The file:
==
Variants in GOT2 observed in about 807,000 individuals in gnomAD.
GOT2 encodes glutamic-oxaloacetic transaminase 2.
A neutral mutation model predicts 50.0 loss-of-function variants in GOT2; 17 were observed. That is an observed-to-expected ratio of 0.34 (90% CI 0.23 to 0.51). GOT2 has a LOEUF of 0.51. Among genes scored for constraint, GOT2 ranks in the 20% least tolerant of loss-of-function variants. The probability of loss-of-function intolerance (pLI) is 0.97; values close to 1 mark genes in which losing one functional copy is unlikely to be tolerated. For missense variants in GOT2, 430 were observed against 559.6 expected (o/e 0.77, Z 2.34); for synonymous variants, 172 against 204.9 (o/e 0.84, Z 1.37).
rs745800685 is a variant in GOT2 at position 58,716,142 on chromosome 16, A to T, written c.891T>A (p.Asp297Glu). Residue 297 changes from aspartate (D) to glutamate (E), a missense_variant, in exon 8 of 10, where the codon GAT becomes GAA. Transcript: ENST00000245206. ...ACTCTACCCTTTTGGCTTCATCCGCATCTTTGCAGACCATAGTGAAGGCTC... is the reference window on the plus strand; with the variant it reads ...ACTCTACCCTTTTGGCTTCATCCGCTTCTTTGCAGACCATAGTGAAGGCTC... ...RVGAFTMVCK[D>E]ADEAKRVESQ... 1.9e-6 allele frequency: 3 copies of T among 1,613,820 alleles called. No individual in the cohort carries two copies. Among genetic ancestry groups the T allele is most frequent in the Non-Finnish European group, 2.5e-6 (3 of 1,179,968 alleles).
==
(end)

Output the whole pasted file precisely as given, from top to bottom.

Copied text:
Variants in GOT2 observed in about 807,000 individuals in gnomAD.
GOT2 encodes glutamic-oxaloacetic transaminase 2.
A neutral mutation model predicts 50.0 loss-of-function variants in GOT2; 17 were observed. That is an observed-to-expected ratio of 0.34 (90% CI 0.23 to 0.51). GOT2 has a LOEUF of 0.51. Among genes scored for constraint, GOT2 ranks in the 20% least tolerant of loss-of-function variants. The probability of loss-of-function intolerance (pLI) is 0.97; values close to 1 mark genes in which losing one functional copy is unlikely to be tolerated. For missense variants in GOT2, 430 were observed against 559.6 expected (o/e 0.77, Z 2.34); for synonymous variants, 172 against 204.9 (o/e 0.84, Z 1.37).
rs745800685 is a variant in GOT2 at position 58,716,142 on chromosome 16, A to T, written c.891T>A (p.Asp297Glu). Residue 297 changes from aspartate (D) to glutamate (E), a missense_variant, in exon 8 of 10, where the codon GAT becomes GAA. Transcript: ENST00000245206. ...ACTCTACCCTTTTGGCTTCATCCGCATCTTTGCAGACCATAGTGAAGGCTC... is the reference window on the plus strand; with the variant it reads ...ACTCTACCCTTTTGGCTTCATCCGCTTCTTTGCAGACCATAGTGAAGGCTC... ...RVGAFTMVCK[D>E]ADEAKRVESQ... 1.9e-6 allele frequency: 3 copies of T among 1,613,820 alleles called. No individual in the cohort carries two copies. Among genetic ancestry groups the T allele is most frequent in the Non-Finnish European group, 2.5e-6 (3 of 1,179,968 alleles).